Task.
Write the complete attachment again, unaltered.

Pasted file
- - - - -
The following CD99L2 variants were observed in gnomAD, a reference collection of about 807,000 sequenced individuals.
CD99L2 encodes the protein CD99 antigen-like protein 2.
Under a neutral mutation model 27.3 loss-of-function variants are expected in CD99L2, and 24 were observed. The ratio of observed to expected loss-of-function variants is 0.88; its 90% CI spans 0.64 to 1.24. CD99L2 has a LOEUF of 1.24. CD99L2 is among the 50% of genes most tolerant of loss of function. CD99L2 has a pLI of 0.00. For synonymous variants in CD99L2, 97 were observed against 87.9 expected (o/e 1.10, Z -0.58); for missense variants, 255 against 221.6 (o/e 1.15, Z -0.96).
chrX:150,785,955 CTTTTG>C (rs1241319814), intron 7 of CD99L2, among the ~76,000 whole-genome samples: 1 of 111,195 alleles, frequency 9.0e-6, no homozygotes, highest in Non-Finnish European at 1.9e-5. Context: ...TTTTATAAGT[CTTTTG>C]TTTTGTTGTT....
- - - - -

The following CD99L2 variants were observed in gnomAD, a reference collection of about 807,000 sequenced individuals.
CD99L2 encodes the protein CD99 antigen-like protein 2.
Under a neutral mutation model 27.3 loss-of-function variants are expected in CD99L2, and 24 were observed. The ratio of observed to expected loss-of-function variants is 0.88; its 90% CI spans 0.64 to 1.24. CD99L2 has a LOEUF of 1.24. CD99L2 is among the 50% of genes most tolerant of loss of function. CD99L2 has a pLI of 0.00. For synonymous variants in CD99L2, 97 were observed against 87.9 expected (o/e 1.10, Z -0.58); for missense variants, 255 against 221.6 (o/e 1.15, Z -0.96).
chrX:150,785,955 CTTTTG>C (rs1241319814), intron 7 of CD99L2, among the ~76,000 whole-genome samples: 1 of 111,195 alleles, frequency 9.0e-6, no homozygotes, highest in Non-Finnish European at 1.9e-5. Context: ...TTTTATAAGT[CTTTTG>C]TTTTGTTGTT....